1947 – William Shockley, John Bardeen and Walter Brattain build the first practical point-contact transistor.
A point-contact transistor was the first type of solid-state electronic transistor ever constructed. It was made by researchers John Bardeen and Walter Houser Brattain at Bell Laboratories in December 1947. They worked in a group led by physicist William Bradford Shockley. The group had been working together on experiments and theories of electric field effects in solid state materials, with the aim of replacing vacuum tubes with a smaller, less power-consuming device.
The critical experiment, carried out on December 16, 1947, consisted of a block of germanium, a semiconductor, with two very closely spaced gold contacts held against it by a spring. Brattain attached a small strip of gold foil over the point of a plastic triangle — a configuration which is essentially a point-contact diode. He then carefully sliced through the gold at the tip of the triangle. This produced two electrically isolated gold contacts very close to each other.
The piece of germanium used had a surface layer with an excess of electrons. When an electric signal traveled in through the gold foil, it injected holes (points which lack electrons). This created a thin layer which had a scarcity of electrons.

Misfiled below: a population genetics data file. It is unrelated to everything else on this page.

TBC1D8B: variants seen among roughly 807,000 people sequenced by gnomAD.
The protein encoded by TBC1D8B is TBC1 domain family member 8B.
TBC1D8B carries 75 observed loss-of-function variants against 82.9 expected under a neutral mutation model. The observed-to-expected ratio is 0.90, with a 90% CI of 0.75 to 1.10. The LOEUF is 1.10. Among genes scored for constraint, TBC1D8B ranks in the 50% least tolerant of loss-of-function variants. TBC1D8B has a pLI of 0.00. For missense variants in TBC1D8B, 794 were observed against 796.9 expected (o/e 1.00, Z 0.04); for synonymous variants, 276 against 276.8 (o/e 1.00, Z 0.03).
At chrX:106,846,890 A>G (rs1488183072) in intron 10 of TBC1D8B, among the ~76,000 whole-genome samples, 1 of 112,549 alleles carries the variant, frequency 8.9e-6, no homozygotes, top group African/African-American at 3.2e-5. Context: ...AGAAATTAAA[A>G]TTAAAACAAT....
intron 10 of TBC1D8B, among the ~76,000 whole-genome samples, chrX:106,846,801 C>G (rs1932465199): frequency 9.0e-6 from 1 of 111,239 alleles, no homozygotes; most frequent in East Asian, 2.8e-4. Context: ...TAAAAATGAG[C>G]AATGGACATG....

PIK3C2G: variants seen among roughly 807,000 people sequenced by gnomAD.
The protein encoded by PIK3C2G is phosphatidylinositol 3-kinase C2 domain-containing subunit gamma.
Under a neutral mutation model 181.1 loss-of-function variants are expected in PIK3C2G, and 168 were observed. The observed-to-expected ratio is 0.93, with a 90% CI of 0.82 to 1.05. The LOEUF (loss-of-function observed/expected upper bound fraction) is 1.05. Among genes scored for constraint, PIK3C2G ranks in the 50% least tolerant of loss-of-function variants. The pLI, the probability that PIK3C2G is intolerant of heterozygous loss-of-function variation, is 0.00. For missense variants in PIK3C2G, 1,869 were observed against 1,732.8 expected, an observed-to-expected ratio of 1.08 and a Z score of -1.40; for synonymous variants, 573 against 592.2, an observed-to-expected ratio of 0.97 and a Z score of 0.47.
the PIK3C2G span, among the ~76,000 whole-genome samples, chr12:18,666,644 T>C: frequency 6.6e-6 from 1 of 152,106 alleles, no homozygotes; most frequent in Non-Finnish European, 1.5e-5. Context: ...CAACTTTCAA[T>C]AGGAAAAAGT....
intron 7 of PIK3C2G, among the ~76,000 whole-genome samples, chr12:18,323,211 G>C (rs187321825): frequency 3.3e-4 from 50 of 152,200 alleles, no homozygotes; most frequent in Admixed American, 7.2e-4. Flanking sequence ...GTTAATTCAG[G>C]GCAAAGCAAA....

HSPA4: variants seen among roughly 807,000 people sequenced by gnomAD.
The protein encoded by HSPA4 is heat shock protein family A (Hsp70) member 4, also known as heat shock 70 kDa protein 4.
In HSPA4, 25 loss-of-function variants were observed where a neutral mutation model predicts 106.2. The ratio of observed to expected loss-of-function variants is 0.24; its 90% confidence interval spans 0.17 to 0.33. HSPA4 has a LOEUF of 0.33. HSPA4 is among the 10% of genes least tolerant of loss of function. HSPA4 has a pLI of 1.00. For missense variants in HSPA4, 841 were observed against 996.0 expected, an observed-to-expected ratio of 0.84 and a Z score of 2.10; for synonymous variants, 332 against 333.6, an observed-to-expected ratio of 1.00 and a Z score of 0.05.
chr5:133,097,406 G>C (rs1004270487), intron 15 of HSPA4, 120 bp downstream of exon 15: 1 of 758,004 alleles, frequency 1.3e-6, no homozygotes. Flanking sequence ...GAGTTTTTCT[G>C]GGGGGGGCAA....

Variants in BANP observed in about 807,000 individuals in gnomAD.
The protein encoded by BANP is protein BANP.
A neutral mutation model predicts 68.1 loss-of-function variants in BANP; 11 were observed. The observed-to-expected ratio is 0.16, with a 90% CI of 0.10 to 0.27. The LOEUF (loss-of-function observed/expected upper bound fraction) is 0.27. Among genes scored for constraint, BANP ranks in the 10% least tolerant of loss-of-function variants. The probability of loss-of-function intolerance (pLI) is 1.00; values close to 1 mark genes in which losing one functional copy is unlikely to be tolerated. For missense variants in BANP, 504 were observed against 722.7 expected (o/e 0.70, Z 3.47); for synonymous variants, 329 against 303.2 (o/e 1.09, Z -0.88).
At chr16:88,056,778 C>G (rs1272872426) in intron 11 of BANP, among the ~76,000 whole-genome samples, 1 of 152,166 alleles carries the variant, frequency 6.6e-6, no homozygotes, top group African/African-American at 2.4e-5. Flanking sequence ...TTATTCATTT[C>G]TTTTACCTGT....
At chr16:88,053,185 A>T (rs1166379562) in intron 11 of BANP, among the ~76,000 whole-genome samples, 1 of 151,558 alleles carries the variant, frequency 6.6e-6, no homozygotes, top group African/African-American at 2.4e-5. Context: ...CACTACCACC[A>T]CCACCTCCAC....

A small positive current applied to one of the two contacts had an influence on the current which flowed between the other contact and the base upon which the block of germanium was mounted. In fact, a small change in the first contact current caused a greater change in the second contact current, thus it was an amplifier. The first contact is the “emitter” and the second contact is the “collector”. The low-current input terminal into the point-contact transistor is the emitter, while the output high current terminals are the base and collector. This differs from the later type of bipolar junction transistor invented in 1951 that operates as transistors still do, with the low current input terminal as the base and the two high current output terminals are the emitter and collector.